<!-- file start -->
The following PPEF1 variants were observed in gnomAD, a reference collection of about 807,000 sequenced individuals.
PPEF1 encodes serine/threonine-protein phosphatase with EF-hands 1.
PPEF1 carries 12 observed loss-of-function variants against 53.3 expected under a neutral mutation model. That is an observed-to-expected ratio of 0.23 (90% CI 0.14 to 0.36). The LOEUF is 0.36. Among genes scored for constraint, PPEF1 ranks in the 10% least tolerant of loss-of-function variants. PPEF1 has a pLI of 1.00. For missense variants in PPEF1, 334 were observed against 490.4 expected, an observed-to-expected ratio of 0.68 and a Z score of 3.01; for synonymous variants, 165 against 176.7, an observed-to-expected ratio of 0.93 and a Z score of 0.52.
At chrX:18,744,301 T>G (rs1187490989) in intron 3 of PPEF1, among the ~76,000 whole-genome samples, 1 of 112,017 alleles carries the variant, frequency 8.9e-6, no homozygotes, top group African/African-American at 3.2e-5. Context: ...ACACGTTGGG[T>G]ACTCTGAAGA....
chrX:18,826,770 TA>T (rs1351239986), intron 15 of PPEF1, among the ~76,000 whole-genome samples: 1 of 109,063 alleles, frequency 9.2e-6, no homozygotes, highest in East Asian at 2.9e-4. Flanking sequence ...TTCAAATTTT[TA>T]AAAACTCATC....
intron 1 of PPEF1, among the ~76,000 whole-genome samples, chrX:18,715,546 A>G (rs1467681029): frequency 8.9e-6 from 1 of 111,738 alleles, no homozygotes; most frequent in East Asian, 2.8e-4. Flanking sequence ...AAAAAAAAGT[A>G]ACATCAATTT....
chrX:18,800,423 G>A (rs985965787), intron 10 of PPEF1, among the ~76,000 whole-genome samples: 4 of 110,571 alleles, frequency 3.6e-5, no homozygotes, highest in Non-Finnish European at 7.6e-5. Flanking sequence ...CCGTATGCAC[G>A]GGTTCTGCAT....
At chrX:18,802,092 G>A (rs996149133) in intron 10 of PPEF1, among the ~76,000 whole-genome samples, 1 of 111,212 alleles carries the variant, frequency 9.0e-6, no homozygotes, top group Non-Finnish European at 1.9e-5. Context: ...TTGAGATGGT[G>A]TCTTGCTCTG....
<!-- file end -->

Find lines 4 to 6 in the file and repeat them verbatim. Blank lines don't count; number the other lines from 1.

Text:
At chrX:18,744,301 T>G (rs1187490989) in intron 3 of PPEF1, among the ~76,000 whole-genome samples, 1 of 112,017 alleles carries the variant, frequency 8.9e-6, no homozygotes, top group African/African-American at 3.2e-5. Context: ...ACACGTTGGG[T>G]ACTCTGAAGA....
chrX:18,826,770 TA>T (rs1351239986), intron 15 of PPEF1, among the ~76,000 whole-genome samples: 1 of 109,063 alleles, frequency 9.2e-6, no homozygotes, highest in East Asian at 2.9e-4. Flanking sequence ...TTCAAATTTT[TA>T]AAAACTCATC....
intron 1 of PPEF1, among the ~76,000 whole-genome samples, chrX:18,715,546 A>G (rs1467681029): frequency 8.9e-6 from 1 of 111,738 alleles, no homozygotes; most frequent in East Asian, 2.8e-4. Flanking sequence ...AAAAAAAAGT[A>G]ACATCAATTT....